- Virginia Johnson
Now's the time to begin making special gifts for families and teachers. Get started by taking a day or two to skim through craft books at the library, or go online and find some ideas. In this article, we've gathered a few neat projects for beginners as well as book and Web site recommendations to help create a crafty Christmas.
Homemade ornaments add a sweet, old-fashioned look to a Christmas tree. They are a terrific way to share the season with relatives and teachers. You may also wish to add one as a beautiful "tie-on" to bigger presents.
Christmas Ornaments from Kids Domain
This terrific page has dozens of ideas, from candy trains to Victorian potpourri ornaments. The ingredients are not expensive and can be found at most large retail stores or craft stores. Here is one of their projects to try:
Clothespin Reindeer from KidsDomain.com
Reindeer made out of clothespins are cute and quick!
This project is rated VERY EASY to do.
What You Need
7mm Wiggle eyes
Small red pom pom
White small pom pom
How to Make It
Use three clothespins: two pointing down (4 legs); the third pointing up (ears). Glue together.
Add wiggle eyes, a small red pom-pom nose, a ribbon on the neck, and a pom-pom tail using tacky glue.
Tacky Glue is better for crafts than hot glue, which boys can easily get hurt using; it's thicker and tackier than Elmer's Glue and dries quickly.
Some people like to use their cookie cutters to make forever cookie ornaments. You can either dye the dough beforehand or decorate afterwards if you wish with paint and spangles.
Bakers' Clay for Ornaments (Non-edible) from Allrecipes.com
4 cups all-purpose flour
1 cup salt
1 1/2 cups water
Preheat oven to 350 degrees F (175 degrees C).
Mix the flour, salt and water. Knead dough until smooth. Roll out dough and cut into desired shapes.
Bake at 350 degrees F (175 degrees C) for 1 hour. Once cool paint with colors, if desired.
Yields 5 cups of dough
Cinnamon dough is a more sophisticated and sweet-smelling option for long-lasting ornaments. Click here for the recipe.
***Note: these ornaments take several days to dry!
A beautiful wreath is a nice, impressive way to convey the holiday spirit. Sturdy wreaths are a little tricky for small hands, but older kids (and adults) can get a kick out of creating a wreath filled with candies to sample. Peppermint is traditional for this time of year, but really any kind will work. All you need is a coat hanger, individually-wrapped candies, curling ribbon, wire cutters, pliers, masking tape, and scissors. Click here for complete instructions.
If you'd like more ideas for wreaths, check out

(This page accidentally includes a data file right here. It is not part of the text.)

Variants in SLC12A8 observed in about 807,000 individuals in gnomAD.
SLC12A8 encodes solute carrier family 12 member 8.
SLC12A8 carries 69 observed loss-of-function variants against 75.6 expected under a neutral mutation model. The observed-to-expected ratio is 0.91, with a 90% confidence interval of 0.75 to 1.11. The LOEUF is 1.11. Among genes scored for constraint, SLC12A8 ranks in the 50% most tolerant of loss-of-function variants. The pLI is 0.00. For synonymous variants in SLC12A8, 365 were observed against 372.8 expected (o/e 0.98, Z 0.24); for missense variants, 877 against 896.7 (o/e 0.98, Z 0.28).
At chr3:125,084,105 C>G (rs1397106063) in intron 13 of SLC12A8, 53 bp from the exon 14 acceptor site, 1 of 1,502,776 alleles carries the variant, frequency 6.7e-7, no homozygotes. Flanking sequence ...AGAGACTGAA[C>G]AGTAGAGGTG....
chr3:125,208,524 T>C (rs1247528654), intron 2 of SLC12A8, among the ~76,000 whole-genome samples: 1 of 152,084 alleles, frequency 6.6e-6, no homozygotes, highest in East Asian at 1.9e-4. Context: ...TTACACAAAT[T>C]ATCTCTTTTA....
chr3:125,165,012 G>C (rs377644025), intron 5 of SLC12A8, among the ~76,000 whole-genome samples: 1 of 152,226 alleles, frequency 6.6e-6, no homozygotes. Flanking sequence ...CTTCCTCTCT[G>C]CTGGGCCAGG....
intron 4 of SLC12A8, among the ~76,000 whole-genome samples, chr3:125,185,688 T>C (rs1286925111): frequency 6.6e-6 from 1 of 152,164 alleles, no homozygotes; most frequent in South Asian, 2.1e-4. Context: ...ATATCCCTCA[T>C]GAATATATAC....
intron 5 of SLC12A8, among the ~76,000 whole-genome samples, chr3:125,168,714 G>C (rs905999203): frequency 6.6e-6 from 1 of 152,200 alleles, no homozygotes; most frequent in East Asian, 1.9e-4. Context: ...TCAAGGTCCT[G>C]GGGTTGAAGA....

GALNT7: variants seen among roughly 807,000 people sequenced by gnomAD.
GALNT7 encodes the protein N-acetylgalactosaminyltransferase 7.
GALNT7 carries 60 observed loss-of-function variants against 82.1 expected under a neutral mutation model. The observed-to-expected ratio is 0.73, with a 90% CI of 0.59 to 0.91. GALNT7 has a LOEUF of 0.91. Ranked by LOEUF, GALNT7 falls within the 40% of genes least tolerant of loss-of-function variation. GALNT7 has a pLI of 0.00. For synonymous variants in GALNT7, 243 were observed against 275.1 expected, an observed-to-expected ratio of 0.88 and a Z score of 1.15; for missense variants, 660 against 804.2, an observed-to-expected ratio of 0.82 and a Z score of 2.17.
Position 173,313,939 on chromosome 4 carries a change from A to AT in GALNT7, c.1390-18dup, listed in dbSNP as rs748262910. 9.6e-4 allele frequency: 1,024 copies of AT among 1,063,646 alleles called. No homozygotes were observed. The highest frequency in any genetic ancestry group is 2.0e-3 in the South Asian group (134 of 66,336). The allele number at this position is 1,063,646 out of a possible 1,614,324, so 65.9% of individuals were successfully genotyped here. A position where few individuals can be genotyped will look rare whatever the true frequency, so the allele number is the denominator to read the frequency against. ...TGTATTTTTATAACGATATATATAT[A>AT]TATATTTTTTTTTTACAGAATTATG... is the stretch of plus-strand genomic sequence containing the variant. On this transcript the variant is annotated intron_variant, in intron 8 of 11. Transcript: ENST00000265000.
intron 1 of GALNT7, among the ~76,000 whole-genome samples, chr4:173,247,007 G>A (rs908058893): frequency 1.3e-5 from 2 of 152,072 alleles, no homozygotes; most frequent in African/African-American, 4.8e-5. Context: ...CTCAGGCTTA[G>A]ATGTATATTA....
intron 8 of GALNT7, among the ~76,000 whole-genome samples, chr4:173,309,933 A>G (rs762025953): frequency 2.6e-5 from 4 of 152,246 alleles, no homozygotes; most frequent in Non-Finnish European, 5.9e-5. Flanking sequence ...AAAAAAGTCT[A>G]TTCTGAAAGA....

Wreath Making Basics: More Than 80 Wreath Ideas by Dawn Cusick.
Older children and adults will enjoy the detailed instructions for beginning wreath makers that use a variety of materials.
Projects with Wood
Talk about your long-lasting holiday presents! A beginning project, such as a birdhouse, can be both practical and attractive. A birdhouse would be an especially nice present for feathered creatures in chilly December. You can use the skills you learn with basic projects to make more challenging things later.
Building a Birdhouse
Good instructions for a basic birdhouse with a removable bottom for easy cleaning. Adult supervision is highly recommended.
Woodworking for Kids: 40 Fabulous, Fun, & Useful Things for Kids to Make by Kevin McGuire.
First the author teaches step-by-step how to build five basic woodshop devices to help you with your later projects. Then it's time to create toys, games, instruments, and other fun things, all from wood.
Face it, brothers and sisters like toys. A pot holder is not going to cut it for them. You can go to the store and get them a hunk of colored plastic, sure, but you could create something on your own.
Here are two books to try which give instructions on making very different types of playthings, whether your lucky sibling prefers traditional toys or something with a little zing to it.
Folk Toys around the World and How to Make Them by Virginie Fowler.
Directions for dolls, toy animals, musical instruments and other fun things from around the world.
Make Amazing Toy and Game Gadgets by Amy Pinchuk.
Complete instructions for building five tech-savvy toys: an "out-of-sight" light box, flashy jewelry, a spy camera, a "buzz-off" game, or cool shades to wear in the dark. Be sure to check out the chapter on safety first! Part of a Popular Mechanics set written especially for kids by an engineer.